In modern PAS parlance we have a Drag Paradiddle #1 and a Drag Paradiddle #2. These are similar but the #2 is longer, with an extra Drag added to the notes of the #1. These two Drag Paradiddle variations have been the most often used since about World War II, but they are far from the ONLY Drag Paradiddle variations to be used in the USA or elsewhere. Check out the pdf for notated examples.
Ashworth used some Stroke and Drag Paradiddles in his music in 1812, but did not name them. Rumrille and Holton also included a similar figure in 1817, again with no name.
The first named Drag Paradiddle I have been able to locate was listed in British Drum Major Samuel Potter’s 1817 Art of Beating the Drum. In fact, Potter listed three different variations: Drag Paradiddle, Stroke and Drag Paradiddle, and Flam and Drag Paradiddle. The second one, Stroke and Drag Paradiddle, is what we now call Drag Paradiddle #1. Potter’s Drag Paradiddle was actually shorter, without the initial Single Stroke. It is uncommon to see a Drag Paradiddle without the “Stroke” in modern music, and both the PAS and NARD rudiment sheets ignore this obvious and simple variation. The Flam and Drag Paradiddle simply placed a grace note before the “Stroke” of the Stroke and Drag Paradiddle (Drag Paradiddle #1). So, essentially, Potter had a Single Paradiddle with a pair of grace notes on it (Drag Paradiddle), a Drag Paradiddle with a Single Stroke in the front (Stroke and Drag Paradiddle), and a Paradiddle with a Flam in the front (Flam, and Drag Paradiddle).
G. Tamplini furthered the British mastery over the Drag Paradiddle in around 1850-1860. He published two more variations: the Stroke and Single Drag Flam Paradiddle and the Stroke and Double Drag Paradiddle. Of these, the notable one is the latter, which is essentially the Drag Paradiddle #2.
Americans did not name any Drag Paradiddles until 1862 when H.C. Hart and George Bruce (Barrett) published three versions between their two books. Hart called his the Paradiddle Drag Beat (Drag Paradiddle #1) and Bruce (Barrett) had two, both simply called Drag Paradiddles. One was similar to the Drag Paradiddle #2, but without the initial Single Stroke, and the other had three Drags before the Paradiddle, like a “Drag Paradiddle #3.”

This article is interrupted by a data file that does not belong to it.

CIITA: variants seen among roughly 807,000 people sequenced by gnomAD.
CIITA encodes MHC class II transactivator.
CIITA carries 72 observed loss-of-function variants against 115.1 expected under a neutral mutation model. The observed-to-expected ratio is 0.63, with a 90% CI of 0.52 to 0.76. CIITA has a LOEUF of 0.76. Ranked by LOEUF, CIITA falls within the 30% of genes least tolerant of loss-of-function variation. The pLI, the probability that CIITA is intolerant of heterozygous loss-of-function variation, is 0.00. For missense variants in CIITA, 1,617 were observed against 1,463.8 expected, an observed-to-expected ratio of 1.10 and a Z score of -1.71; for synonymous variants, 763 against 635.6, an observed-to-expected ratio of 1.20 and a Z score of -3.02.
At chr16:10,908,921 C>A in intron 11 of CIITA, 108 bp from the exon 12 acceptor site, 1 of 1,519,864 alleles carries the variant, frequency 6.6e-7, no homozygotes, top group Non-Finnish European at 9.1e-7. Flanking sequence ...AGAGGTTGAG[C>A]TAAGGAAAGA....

The actual Drag Paradiddle #1 and Drag Paradiddle #2 naming conventions made their official American debut with Gardiner Strube in 1869. He renamed Hart’s Paradiddle Drag Beat and Potter’s Stroke and Drag Paradiddle to the familiar Drag Paradiddle #1 and he pulled in the Stroke and Double Drag Paradiddle from the British and renamed it the Drag Paradiddle #2.
Many Americans, such as John Philip Sousa in 1886, used the Drag Paradiddle and Stroke and Drag Paradiddle names from Potter and other British sources, while ignoring Strube’s numbered names. The #1 and #2 wouldn’t catch on widely until the 1930’s when George Lawrence Stone, and eventually NARD, started promoting Strube again. Only in the 1950s and later would the Strube/Stone/NARD #1 and #2 names (and actually the #2 rhythm) be nearly universally accepted.
The Drag Paradiddle (sans stroke) has not died out entirely, but is fairly rare in American playing today. The other variations above are almost entirely unknown. One of the last books to catalog some of the older iterations was Vincent Mott’s Evolution in 1956.
Pipe band drumming is really the only other world rudimental tradition to embrace the Drag Paradiddle. It appears in drum settings from as far back as 1919, and may have been used earlier. Pipe Band drum settings weren’t normally written down in notation prior to the early 20th century, so it is hard to know. The Scottish version is like Potter’s Drag Paradiddle (sans stroke) but the grace notes can actually be placed on different parts of the Paradiddle, creating a few variations.
Outside of the UK and USA, the concept is pretty much absent. The French, Swiss, and Danes are known to use Paradiddles in their traditional playing, but none have a named Drag-Paradiddle-like rudiment. It seems to be confined to the Americans, British, and Scottish. The concept is clearly well-liked with more than seven unique versions in print, even before the rise of corps-style hybrids.